A recent article in the New York Times titled “Delay, Deny, Deflect” demonstrates, that Facebook went much further than that: When suspicious Russian activity during the 2016 US presidential elections raised the alarm inside of the company, Facebook delayed, denied and deflected the influence of these revelations. Mark Zuckerberg called the notion that fake news on Facebook might have influenced the outcome of the election “a pretty crazy idea”, referring to a very small volume of activity of 3,000 ads connected to Russian agents. Only after being pressured continuously, Facebook revised its public statement twice, finally acknowledging that close to 126 million people had seen the Russian posts. Mark Zuckerberg apologized for ridiculing fears over Facebook’s effects on the election and promised to do better in the future. Revelations about the missuse of user data by Cambridge Analytica, its role in the Rohingya genocide in Myanmar and in becoming a tool for oppression in countries of the Arab Spring, the Philippines and inciting violence in many more demonstrate, that the company hasn’t lived up to its promise. By employing a Republican opposition-research firm to discredit activist protesters, in part by linking them to the liberal financier George Soros and tapping its business relationships, lobbying a Jewish civil rights group to cast some criticism of the company as anti-Semitic as documented by the New York Times piece, raises the question, whether Facebook actually intends to do better or just tries to sweep the problems under the rug. By responding to these allegations in the same way as titled (“Delay, Deny, Deflect”), only to acknowledge them to be true in a press release conveniently timed on Thanksgiving Eve for minimum exposure, clearly indicates, that Facebook intends to do the latter.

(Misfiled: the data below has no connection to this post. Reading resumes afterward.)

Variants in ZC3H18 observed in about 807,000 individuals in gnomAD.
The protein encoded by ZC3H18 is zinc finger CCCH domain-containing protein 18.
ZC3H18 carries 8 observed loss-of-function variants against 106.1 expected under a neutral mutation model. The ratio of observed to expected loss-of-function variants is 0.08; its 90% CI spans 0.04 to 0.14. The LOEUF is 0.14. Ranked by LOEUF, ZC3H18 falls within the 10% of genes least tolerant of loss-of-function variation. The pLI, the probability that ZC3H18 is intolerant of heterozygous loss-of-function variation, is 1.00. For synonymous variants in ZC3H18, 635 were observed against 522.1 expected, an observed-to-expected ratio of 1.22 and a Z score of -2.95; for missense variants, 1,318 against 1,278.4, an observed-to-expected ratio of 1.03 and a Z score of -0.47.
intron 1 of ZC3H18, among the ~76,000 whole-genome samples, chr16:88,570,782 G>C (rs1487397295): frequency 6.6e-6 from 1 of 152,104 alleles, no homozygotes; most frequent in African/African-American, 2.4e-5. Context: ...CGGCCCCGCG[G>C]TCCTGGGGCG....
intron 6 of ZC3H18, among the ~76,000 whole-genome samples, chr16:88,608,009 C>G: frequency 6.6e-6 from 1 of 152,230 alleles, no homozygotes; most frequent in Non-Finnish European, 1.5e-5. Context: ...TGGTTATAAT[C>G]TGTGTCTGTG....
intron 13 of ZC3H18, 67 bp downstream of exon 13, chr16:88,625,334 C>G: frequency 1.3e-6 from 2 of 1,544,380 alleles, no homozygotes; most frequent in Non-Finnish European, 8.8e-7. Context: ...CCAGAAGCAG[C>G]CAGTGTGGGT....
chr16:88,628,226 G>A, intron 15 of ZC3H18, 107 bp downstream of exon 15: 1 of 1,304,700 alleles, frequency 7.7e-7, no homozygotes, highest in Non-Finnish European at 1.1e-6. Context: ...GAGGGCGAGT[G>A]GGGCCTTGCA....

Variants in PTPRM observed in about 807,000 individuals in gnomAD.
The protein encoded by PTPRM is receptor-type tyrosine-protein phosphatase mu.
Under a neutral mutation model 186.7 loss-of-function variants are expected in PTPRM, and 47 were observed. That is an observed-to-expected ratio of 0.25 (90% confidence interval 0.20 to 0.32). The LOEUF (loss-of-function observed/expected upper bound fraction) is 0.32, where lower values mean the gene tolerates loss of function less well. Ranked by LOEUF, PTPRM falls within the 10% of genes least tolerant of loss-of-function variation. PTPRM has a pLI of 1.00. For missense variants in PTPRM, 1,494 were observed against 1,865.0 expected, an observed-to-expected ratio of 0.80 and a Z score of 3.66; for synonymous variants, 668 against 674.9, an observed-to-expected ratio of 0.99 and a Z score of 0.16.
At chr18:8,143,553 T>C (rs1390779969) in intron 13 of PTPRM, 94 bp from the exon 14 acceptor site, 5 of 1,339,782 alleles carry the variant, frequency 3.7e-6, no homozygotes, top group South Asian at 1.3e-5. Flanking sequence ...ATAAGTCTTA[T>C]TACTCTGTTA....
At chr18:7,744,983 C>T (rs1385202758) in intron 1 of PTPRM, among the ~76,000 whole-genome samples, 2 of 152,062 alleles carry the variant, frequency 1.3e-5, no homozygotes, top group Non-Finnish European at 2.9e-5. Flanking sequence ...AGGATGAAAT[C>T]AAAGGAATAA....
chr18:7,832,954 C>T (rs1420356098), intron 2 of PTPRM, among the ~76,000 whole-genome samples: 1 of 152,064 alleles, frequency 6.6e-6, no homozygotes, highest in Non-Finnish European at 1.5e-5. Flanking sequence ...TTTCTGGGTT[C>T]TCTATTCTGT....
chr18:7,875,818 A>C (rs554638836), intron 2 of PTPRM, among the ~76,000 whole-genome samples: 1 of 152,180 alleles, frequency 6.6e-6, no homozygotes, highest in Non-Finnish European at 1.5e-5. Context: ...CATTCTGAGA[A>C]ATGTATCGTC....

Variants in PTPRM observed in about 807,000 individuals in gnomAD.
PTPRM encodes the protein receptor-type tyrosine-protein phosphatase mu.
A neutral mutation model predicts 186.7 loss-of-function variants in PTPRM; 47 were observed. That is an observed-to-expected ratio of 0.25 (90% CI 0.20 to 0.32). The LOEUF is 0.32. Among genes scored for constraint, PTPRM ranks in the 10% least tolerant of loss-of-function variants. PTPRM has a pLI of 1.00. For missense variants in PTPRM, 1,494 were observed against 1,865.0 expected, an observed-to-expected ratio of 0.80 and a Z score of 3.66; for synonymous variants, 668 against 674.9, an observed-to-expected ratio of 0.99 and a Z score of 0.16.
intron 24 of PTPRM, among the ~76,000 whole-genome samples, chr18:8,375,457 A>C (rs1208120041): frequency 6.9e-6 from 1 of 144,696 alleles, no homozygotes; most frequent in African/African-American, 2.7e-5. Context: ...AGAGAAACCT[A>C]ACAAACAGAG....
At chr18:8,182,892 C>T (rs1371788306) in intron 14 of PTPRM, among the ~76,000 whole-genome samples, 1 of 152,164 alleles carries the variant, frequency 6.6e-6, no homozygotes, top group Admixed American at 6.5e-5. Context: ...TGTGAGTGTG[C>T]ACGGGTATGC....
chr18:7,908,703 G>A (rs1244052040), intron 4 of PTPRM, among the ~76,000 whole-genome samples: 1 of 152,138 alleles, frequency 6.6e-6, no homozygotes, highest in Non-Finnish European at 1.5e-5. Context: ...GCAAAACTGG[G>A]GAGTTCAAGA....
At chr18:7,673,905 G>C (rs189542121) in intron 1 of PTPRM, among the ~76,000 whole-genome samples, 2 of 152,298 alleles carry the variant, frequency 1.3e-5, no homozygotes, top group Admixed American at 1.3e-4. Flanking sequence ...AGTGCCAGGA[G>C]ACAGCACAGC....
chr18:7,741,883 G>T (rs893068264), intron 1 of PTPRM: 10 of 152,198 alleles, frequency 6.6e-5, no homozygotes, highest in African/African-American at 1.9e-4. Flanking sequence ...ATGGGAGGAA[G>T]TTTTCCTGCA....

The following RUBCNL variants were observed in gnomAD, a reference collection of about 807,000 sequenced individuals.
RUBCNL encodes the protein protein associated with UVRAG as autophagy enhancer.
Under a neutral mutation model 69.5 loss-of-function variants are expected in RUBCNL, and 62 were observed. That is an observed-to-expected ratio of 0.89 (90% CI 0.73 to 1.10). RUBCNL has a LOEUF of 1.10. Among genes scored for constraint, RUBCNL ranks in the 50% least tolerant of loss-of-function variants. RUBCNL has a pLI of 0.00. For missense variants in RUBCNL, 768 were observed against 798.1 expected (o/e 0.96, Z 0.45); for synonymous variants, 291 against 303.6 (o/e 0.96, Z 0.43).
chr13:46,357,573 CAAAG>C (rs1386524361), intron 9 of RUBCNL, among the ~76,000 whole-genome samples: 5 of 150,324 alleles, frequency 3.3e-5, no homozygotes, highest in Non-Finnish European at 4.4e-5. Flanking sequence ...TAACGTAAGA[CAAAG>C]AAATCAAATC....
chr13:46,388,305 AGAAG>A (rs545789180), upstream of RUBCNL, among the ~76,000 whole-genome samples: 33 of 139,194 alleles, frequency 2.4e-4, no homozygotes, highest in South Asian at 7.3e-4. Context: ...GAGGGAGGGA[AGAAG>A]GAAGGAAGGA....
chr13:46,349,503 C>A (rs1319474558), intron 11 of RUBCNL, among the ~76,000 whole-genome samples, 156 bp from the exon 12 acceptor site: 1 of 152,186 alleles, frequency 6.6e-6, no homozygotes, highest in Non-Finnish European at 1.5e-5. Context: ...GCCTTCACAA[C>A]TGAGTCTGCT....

Momentum in reverse